What is paper scoring and how does it work?

What is paper scoring and how does it work_ _ Pel Hughes print marketing new orleans

Did you know there is a professional way of folding paper? Yes. There is a correct way to make those crisp lines, and if you don’t believe us, go grab a cereal box and do a little experiment.

Take said cereal box and disassemble. Now take a square section of the box and fold it in half to create a clean, sharp line.

How’s it looking over there? We’re going to guess it’s looking neither clean nor sharp.

That’s why “scoring” exists in the great wide world of paper products. In short, scoring is the creation of a crease in a piece of paper that will allow it to fold easier and result in a better looking line.

This is achieved by creating a ridge in the paper with an indentation device, and that ridge is where the fold line will occur. Typically this line is made by using a piece of metal to compress the fibers of the paper in one small area in order to create a dip in the paper where it can easily fold.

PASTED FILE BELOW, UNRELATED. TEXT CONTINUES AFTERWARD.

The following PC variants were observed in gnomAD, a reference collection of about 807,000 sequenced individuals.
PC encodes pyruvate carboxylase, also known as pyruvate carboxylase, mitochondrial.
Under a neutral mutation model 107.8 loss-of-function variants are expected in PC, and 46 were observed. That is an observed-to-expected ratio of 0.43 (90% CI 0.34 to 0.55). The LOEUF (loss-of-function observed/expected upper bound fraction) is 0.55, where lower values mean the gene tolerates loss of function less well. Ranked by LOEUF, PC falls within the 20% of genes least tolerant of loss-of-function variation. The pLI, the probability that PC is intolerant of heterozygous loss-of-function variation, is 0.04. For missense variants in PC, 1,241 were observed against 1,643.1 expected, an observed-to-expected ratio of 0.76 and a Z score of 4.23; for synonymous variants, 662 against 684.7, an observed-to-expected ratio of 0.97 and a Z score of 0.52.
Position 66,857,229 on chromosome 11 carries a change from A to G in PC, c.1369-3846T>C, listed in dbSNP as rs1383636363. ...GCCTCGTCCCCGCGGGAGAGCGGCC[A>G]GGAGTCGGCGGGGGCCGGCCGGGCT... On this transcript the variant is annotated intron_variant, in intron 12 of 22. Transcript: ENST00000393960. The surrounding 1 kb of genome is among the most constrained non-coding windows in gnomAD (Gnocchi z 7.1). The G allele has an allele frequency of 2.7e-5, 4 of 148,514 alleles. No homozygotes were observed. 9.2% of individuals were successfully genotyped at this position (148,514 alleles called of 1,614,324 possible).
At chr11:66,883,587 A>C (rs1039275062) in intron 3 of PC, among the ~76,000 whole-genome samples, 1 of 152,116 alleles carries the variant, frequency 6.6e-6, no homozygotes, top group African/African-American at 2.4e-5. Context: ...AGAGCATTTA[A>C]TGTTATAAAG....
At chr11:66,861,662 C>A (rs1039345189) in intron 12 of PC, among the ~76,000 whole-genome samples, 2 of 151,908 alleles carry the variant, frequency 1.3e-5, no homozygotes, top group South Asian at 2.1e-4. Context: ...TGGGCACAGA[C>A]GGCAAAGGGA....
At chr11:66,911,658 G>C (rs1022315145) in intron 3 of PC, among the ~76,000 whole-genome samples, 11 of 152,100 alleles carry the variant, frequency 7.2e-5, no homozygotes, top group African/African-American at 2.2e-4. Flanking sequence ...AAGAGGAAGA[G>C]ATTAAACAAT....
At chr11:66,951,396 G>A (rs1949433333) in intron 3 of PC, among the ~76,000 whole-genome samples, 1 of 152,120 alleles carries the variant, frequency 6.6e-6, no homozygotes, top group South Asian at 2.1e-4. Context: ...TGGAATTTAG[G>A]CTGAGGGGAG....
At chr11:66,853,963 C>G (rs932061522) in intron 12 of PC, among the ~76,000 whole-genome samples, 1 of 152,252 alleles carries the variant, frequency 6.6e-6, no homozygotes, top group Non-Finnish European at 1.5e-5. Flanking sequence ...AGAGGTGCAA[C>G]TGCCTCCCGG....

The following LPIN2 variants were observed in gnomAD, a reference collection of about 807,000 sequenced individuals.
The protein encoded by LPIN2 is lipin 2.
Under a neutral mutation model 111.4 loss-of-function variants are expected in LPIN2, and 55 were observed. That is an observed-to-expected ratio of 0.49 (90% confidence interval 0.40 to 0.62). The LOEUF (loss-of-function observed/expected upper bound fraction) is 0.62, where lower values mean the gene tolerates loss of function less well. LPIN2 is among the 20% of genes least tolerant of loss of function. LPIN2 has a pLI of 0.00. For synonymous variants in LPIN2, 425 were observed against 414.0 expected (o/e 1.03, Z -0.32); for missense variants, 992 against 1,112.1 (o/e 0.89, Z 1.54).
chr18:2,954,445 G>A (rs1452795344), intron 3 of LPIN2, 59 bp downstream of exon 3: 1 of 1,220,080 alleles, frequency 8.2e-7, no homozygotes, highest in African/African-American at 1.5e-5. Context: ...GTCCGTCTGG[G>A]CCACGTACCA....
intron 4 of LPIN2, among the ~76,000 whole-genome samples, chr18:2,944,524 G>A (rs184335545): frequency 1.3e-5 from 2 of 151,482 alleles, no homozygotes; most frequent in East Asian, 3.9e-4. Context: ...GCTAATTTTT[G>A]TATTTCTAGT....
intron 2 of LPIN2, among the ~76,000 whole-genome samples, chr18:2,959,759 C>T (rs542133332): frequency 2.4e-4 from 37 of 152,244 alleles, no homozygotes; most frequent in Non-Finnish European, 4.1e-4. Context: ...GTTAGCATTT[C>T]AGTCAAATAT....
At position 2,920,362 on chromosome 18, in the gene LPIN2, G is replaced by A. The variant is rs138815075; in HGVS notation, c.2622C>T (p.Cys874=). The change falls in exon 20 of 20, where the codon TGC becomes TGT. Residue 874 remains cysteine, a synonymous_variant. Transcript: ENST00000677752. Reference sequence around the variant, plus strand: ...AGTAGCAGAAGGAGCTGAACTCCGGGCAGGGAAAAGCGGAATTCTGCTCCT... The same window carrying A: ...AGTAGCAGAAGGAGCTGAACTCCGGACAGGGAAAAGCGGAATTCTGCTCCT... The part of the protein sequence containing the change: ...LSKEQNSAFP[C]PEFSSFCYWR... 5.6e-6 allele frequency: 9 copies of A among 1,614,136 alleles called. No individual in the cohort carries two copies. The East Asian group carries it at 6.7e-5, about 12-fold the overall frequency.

You can score paper as it goes through the printing press (inline scoring) or you can score the paper after it is finished printing (offline scoring). We recommend offline paper scoring as it tends to be more precise and offer the printer greater control over the process.


So why score paper?

It’s all about looks. Scored paper is less likely to “buckle” or “crack” while being folded, and it decreases the chance that the folding process will hurt the ink that is delicately placed on the surface of the paper.


When should you score?

Scoring is most effective when used upon heavyweight papers like cardstock and cardboard. It makes sense that these varieties would be more resistant to our manipulations as they are thicker and more stubborn. Generally, the thicker the paper, the wider the score.


Tips for scoring paper:

  • Only use new paper. Old paper tends to be dryer and less receptive to a successful score
  • Always score with the grain of the paper, never against
  • Score one practice piece before scoring an entire batch
  • Once scored, fold the paper so the hinge is on the inside of the fold


If you have any additional questions about paper Scoring or any other printing or finishing operation, give Pel Hughes a call. We’re always happy to answer your printing related questions.